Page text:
This past few months has been a period of grief, denial, acceptance and finally getting a workable plan organised to get Isla all the help she needs to maximise her potential.

As Isla is becoming older the traits of this syndrome are becoming clearer.  Her speech is improving all the time but she is still not talking in full sentences, doesn’t have much expressive language and her speech isn’t clear.  She is receiving speech therapy.  We have an Occupational Therapist involved who has written a plan to help with her sensory motor skills and poor muscle tone which will hopefully help her clumsiness and self-control including her hyperactivity.   She attends preschool 5 mornings per week and although is social, she lacks forming attachments or making friendships.   She has a scattering of skills from age 2-3 but seems to be progressing with those skills although they are delayed.

We have a year before Isla starts school.  Getting Isla ready for school has always been our main goal and I feel confident with help Isla will be able to be integrated into a main stream school.

All of this aside Isla is a fun-loving, sweet-natured, affectionate easy-going little girl with a sense of humour who brings much joy to everyone.    Isla seems to have the neurological phenotypes of this syndrome but at this stage doesn’t look like she has the growth or skeletal abnormalities seen in other children.

– Isla’s Mom

Update 2016

Isla is now 7 years old.  She has come a long way.  Isla now attends a satellite class (of a special school) in a mainstream school as she needs extra help with her learning and behaviour management.  She now speaks very well but her writing and reading skills are taking some time although she is making small steps forward all the time.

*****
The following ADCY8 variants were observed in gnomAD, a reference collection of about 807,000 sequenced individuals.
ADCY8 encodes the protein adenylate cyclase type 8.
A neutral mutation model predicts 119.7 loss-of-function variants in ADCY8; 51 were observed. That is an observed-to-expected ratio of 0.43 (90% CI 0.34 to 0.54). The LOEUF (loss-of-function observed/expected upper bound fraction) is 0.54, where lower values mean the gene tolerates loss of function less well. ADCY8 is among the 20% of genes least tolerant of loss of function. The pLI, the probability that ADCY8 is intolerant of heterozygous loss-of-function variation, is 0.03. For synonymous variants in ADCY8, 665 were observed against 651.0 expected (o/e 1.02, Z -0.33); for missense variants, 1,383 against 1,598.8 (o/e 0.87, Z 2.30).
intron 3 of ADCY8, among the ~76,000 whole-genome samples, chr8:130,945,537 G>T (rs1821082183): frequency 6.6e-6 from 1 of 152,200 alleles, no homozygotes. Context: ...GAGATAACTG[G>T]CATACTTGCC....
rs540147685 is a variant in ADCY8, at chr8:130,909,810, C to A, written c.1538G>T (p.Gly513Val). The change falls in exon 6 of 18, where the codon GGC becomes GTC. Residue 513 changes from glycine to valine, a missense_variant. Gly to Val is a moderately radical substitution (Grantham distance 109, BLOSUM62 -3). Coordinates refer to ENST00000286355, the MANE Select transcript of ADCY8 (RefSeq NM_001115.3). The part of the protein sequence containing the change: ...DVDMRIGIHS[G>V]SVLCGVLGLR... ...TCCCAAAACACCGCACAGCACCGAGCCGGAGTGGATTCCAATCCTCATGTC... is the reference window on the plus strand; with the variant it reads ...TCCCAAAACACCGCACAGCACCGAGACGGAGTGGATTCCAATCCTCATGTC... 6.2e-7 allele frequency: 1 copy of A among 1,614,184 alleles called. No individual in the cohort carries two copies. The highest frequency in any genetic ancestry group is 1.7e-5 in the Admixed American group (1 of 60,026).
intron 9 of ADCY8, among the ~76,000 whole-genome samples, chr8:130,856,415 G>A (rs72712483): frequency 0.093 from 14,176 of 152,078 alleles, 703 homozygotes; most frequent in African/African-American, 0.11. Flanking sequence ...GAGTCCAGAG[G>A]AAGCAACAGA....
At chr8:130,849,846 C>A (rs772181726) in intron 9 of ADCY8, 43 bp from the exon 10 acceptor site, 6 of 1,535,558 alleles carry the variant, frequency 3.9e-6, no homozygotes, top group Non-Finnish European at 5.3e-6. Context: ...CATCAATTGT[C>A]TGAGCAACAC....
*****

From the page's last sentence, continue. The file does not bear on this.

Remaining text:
She is now medicated for seizures and I am sure this has helped with development and sleep.  Although still an early riser she gets a lot more sleep than she used to.  The medication seems to keep seizures at bay although we still see the odd one break through when her medication is not right.

IMG_2406Isla attends art therapy, dance therapy, does equine therapy (horseriding), special needs football and loves swimming.  She has a lot of fun at these activities with the added benefit of helping her motor skills and social skills.

Isla’s autism makes her see the world a bit differently which has taught us so much.  She may act a bit differently, struggle with social skills and sensory issues but we have accepted Isla for who she is and our goal is to make her life as happy as possible.  She will travel a different path to what we thought but it doesn’t make her journey any less important.




1 thought on “Isla’s Story

  1. Your story is so similar to Boaz (our son 2 years old) story… He hits al his millstones only later than other children. He does not speak at all but is trying and we are hopefull. Thank you for sharing your story.